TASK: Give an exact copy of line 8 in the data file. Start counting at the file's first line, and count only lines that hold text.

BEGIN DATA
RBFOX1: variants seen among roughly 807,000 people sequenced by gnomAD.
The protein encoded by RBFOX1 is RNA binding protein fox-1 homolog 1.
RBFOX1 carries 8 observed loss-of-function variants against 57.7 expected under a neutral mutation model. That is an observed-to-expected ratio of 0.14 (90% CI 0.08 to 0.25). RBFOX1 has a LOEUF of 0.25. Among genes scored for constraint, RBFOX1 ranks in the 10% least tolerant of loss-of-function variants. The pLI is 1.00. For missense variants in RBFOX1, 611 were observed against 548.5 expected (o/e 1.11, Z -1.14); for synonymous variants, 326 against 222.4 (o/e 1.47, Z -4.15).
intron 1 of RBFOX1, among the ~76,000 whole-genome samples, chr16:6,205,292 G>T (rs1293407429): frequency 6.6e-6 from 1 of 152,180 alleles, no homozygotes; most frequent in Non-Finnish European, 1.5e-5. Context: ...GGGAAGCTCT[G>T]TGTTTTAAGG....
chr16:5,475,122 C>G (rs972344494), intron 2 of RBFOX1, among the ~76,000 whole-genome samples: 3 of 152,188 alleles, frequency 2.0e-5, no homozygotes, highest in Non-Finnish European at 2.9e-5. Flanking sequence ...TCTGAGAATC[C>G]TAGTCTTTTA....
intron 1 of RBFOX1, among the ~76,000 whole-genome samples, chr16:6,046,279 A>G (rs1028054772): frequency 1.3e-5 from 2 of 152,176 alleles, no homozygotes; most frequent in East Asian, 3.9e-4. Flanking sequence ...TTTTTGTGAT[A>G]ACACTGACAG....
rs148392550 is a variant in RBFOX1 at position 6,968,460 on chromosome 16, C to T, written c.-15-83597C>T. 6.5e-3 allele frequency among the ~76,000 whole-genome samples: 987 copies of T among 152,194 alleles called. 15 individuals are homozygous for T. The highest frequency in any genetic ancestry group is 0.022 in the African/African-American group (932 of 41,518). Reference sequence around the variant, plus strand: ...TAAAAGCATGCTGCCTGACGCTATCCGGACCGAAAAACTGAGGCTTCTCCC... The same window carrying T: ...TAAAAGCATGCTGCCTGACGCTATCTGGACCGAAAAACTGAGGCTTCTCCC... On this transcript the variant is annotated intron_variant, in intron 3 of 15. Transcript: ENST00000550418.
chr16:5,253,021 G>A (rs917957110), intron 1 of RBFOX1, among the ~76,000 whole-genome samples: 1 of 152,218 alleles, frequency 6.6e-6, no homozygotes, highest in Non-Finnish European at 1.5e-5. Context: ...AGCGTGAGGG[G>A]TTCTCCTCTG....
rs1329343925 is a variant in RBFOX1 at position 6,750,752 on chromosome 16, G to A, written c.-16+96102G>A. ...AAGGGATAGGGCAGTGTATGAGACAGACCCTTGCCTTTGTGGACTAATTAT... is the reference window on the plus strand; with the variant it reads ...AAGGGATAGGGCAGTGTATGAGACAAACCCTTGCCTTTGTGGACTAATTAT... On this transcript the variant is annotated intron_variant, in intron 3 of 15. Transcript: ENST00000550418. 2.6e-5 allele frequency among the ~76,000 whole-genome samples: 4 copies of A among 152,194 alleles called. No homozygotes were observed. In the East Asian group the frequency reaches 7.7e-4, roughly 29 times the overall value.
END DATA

chr16:5,253,021 G>A (rs917957110), intron 1 of RBFOX1, among the ~76,000 whole-genome samples: 1 of 152,218 alleles, frequency 6.6e-6, no homozygotes, highest in Non-Finnish European at 1.5e-5. Context: ...AGCGTGAGGG[G>A]TTCTCCTCTG....